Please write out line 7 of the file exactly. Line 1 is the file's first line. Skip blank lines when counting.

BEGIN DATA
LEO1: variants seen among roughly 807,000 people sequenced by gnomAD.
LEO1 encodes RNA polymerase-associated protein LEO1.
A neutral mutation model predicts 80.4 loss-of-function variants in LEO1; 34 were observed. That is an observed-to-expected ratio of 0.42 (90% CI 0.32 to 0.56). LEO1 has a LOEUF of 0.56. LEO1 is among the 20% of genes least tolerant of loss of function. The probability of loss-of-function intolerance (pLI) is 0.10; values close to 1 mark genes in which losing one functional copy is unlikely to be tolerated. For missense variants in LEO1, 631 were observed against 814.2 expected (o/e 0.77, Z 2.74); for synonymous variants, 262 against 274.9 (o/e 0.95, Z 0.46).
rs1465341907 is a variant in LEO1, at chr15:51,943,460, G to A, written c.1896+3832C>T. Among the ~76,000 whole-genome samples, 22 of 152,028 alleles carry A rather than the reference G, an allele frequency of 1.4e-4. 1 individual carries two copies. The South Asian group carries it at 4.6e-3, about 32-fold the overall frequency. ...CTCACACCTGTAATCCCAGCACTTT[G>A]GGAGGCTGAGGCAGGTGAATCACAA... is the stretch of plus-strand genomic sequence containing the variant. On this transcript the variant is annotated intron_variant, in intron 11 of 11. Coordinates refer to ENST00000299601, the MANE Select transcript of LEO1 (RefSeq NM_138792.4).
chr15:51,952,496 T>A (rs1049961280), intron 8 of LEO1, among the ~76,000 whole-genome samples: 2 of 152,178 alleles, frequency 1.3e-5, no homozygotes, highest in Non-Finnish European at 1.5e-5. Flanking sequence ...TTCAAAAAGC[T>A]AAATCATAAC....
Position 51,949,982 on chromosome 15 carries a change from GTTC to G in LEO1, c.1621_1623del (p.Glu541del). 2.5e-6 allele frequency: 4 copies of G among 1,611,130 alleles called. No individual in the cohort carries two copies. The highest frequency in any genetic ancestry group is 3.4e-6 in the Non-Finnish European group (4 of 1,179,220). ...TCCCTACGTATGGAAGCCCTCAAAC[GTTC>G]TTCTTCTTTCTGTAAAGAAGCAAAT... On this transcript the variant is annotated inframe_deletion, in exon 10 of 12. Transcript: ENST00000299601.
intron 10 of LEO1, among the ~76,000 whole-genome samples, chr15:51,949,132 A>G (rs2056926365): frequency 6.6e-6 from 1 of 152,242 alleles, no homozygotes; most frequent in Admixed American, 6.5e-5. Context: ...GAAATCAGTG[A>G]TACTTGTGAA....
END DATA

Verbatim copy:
intron 10 of LEO1, among the ~76,000 whole-genome samples, chr15:51,949,132 A>G (rs2056926365): frequency 6.6e-6 from 1 of 152,242 alleles, no homozygotes; most frequent in Admixed American, 6.5e-5. Context: ...GAAATCAGTG[A>G]TACTTGTGAA....